Fans, analysts, and writers have spilled a lot of virtual ink about Franchise Starter Yovani Gallardo‘s fastball velocity. As Tom Haudricourt reported recently, Manager Ron Roenicke insists that Gallardo is fine, adding that he is not sure why Gallardo’s fastball velocity is down.
The basic trend continued last night, as the Brewers lost Gallardo’s fourth consecutive start, which was also his second consecutive quality start. In fact, for all the clamoring about Gallardo’s stuff, the righty pitched well since his whipping in St. Louis, hurling five quality starts in his last seven (alongside a 34 K / 18 BB / 4 HR performance in 41.7 IP. When Gallardo has encountered rough stretches over the last month, he has largely limited the damage). If you’re scoffing at the idea of five quality starts in seven starts, or a 3.88 runs average, that’s markedly better than the Miller Park/NL runs average of 4.34; over a full season, that mark is 10 runs better than the league, which is a top rotation performance marker.
I’ve written about this before, so I don’t want to produce a repetitive beat, but when most fans, analysts, and writers mention Gallardo’s fastball velocity, they don’t place that velocity in the context of his other pitches. While our own Ryan and Steve have noted in their “Rounding the Bases” column that Gallardo’s mechanics have become inconsistent over time, those mechanical inconsistencies (and subsequent fastball velocity shifts) have accompanied (a) increased slider selection, (b) increased slider velocity, (c) near-elimination of the change up, and (d) lower curveball velocity. If you follow FanGraphs’s division between “four-seam” and “two-seam” fastballs (or, “primary” and “secondary,” “rising” and “moving” fastballs), Gallardo is notably throwing more of the “secondary” variety this year, compared to previous seasons.
I had the privilege of watching the Brewers’ FOX Game of the Week against St. Louis at the beginning of May, and I noticed something peculiar about Gallardo’s approach. It’s not so much that his fastball lost velocity, or that he was mechanically inconsistent, but that he appeared to be approaching his fastball in a completely different way.
Some of his fastballs were nearly indistinguishable from his hardest sliders, which almost act as cutters (over the last three years, according the TexasLeaguers, an average RHP cutter will run anywhere between 1 MPH and 3 MPH slower than a “primary” fastball). Some of his fastballs almost appeared to “fade” like a change up, or run in against righties. It’s not as though he was throwing a true sinker (like, say, Justin Masterson or Doug Fister, but simply that his fastball wasn’t “straight,” it wasn’t a typical, hard primary fastball (like someone such as Ben Sheets would throw). Since his fastball and slider were so close in velocity, it appeared that Gallardo’s approach focused on movement and location, rather than disrupting a batter’s timing.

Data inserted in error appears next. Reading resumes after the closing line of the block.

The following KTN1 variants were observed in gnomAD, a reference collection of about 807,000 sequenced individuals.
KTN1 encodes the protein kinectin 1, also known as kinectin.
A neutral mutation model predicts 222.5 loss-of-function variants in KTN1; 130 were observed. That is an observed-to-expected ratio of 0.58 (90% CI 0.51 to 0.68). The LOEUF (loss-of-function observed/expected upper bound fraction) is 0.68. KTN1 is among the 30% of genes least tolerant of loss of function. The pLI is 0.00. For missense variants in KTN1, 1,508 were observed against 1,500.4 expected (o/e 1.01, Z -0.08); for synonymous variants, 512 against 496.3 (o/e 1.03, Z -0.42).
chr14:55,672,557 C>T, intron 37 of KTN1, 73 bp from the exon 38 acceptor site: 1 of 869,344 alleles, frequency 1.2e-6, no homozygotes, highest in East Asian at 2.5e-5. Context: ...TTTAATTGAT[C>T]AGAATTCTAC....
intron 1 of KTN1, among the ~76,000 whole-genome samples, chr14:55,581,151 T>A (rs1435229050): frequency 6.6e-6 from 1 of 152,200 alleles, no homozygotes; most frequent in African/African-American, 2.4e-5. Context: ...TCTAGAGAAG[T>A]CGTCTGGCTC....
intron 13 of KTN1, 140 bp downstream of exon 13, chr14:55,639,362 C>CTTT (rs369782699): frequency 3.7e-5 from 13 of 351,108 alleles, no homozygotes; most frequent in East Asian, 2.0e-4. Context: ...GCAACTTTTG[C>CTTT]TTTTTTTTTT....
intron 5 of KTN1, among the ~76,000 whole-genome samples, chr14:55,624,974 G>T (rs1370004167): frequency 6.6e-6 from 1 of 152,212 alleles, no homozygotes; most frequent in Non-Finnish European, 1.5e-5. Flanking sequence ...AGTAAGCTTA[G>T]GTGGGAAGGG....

If you follow TexasLeaguers’ (or FanGraphs’) horizontal and vertical movement measurements of Gallardo’s fastballs, the trends in his fastballs show that his primary fastball indeed breaks in on righties more than in previous years. Furthermore, his primary fastball does not “rise” as much. Since pitch f/x measures pitches against a spinless ball of the same speed, the tool can measure not only how a pitch “drops,” but also how a pitcher employs spin to keep a pitch from dropping as much as one might expect (of course we all know that pitches don’t ACTUALLY rise; but, for all intents and purposes, a “rising fastball” effectively challenges a batter’s eyes by not dropping as much as one might expect. Spin can accomplish this effect, if a pitcher uses it that way).
In short, Gallardo is not necessarily throwing a sinker (in fact, I’ve not read one report that says he throws a sinker. Save for an April 26, 2009 article on the Houston Astros’ site). However, he is either (1) approaching his fastballs differently, or (2) suffering from mechanical inefficiencies that cause his fastballs to move differently, or both. Frankly, given Gallardo’s success over the last seven starts, I have a hard time believing that Gallardo’s fastballs are changing due to basic inefficiencies or mechanical inconsistently. The manner in which he employs his fastball and slider suggest that he might be trying to do something different with the pitches.
The next time you hear about Gallardo’s fastball velocity from someone, pay attention to how he’s using his slider and fastballs in tandem, and also pay attention to the speed of his slider. A dip in fastball velocity is not necessarily a bad thing if Gallardo is executing his approach and simply trying to move his fastballs a specific way. Furthermore, if Gallardo effectively uses his hard slider, the increase in his slider velocity could be much more important than the dip in his fastball velocity.
The potential problem is that Gallardo does not have much velocity separation between his main pitches (for instance, more than 75% of Gallardo’s pitches in May are between 86 and 90 MPH, on average). However, even if we think about Warren Spahn‘s great adage that pitching is disrupting a batter’s timing, we can also think about pitching as a chance to “move” or “break” the ball in specific directions and locations. If Gallardo is doing this with his fastballs and slider, his drop in velocity might not be the most important or interesting development in his 2013 campaign.
Baseball-Reference. Sports Reference, LLC., 2000-2013.
TexasLeaguers. Trip Somers, 2009-2013.
Other articles or resources linked where cited.
Spin charts from TexasLeaguers. Trip Somers, 2009-2013.